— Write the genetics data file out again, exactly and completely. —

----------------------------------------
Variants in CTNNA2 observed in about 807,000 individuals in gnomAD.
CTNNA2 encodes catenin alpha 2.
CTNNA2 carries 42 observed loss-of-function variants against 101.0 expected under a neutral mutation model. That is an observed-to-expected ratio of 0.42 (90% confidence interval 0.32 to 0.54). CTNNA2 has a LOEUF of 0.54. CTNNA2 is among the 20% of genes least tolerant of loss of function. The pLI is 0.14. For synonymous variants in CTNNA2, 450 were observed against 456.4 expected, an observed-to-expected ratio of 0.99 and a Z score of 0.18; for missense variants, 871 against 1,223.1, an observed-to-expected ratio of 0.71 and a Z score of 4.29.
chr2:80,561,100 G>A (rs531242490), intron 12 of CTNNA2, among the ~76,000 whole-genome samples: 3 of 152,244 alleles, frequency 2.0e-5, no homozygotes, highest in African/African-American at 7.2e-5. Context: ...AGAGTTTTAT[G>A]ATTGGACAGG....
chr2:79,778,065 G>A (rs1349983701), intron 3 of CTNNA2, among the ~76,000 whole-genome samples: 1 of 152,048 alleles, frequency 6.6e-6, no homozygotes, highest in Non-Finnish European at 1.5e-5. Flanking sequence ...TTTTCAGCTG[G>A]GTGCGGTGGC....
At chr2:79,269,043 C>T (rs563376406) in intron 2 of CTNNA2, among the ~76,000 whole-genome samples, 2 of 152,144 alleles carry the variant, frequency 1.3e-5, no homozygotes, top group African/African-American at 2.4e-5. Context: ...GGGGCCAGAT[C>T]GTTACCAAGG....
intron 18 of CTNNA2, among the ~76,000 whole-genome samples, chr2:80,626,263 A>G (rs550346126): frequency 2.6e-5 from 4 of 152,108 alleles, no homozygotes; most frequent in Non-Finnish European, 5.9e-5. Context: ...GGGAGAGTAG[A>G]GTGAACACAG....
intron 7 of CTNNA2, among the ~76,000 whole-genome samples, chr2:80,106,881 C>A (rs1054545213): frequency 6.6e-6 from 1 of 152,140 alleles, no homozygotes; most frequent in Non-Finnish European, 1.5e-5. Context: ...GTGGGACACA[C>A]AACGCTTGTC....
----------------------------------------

Variants in CTNNA2 observed in about 807,000 individuals in gnomAD.
CTNNA2 encodes catenin alpha 2.
CTNNA2 carries 42 observed loss-of-function variants against 101.0 expected under a neutral mutation model. That is an observed-to-expected ratio of 0.42 (90% confidence interval 0.32 to 0.54). CTNNA2 has a LOEUF of 0.54. CTNNA2 is among the 20% of genes least tolerant of loss of function. The pLI is 0.14. For synonymous variants in CTNNA2, 450 were observed against 456.4 expected, an observed-to-expected ratio of 0.99 and a Z score of 0.18; for missense variants, 871 against 1,223.1, an observed-to-expected ratio of 0.71 and a Z score of 4.29.
chr2:80,561,100 G>A (rs531242490), intron 12 of CTNNA2, among the ~76,000 whole-genome samples: 3 of 152,244 alleles, frequency 2.0e-5, no homozygotes, highest in African/African-American at 7.2e-5. Context: ...AGAGTTTTAT[G>A]ATTGGACAGG....
chr2:79,778,065 G>A (rs1349983701), intron 3 of CTNNA2, among the ~76,000 whole-genome samples: 1 of 152,048 alleles, frequency 6.6e-6, no homozygotes, highest in Non-Finnish European at 1.5e-5. Flanking sequence ...TTTTCAGCTG[G>A]GTGCGGTGGC....
At chr2:79,269,043 C>T (rs563376406) in intron 2 of CTNNA2, among the ~76,000 whole-genome samples, 2 of 152,144 alleles carry the variant, frequency 1.3e-5, no homozygotes, top group African/African-American at 2.4e-5. Context: ...GGGGCCAGAT[C>T]GTTACCAAGG....
intron 18 of CTNNA2, among the ~76,000 whole-genome samples, chr2:80,626,263 A>G (rs550346126): frequency 2.6e-5 from 4 of 152,108 alleles, no homozygotes; most frequent in Non-Finnish European, 5.9e-5. Context: ...GGGAGAGTAG[A>G]GTGAACACAG....
intron 7 of CTNNA2, among the ~76,000 whole-genome samples, chr2:80,106,881 C>A (rs1054545213): frequency 6.6e-6 from 1 of 152,140 alleles, no homozygotes; most frequent in Non-Finnish European, 1.5e-5. Context: ...GTGGGACACA[C>A]AACGCTTGTC....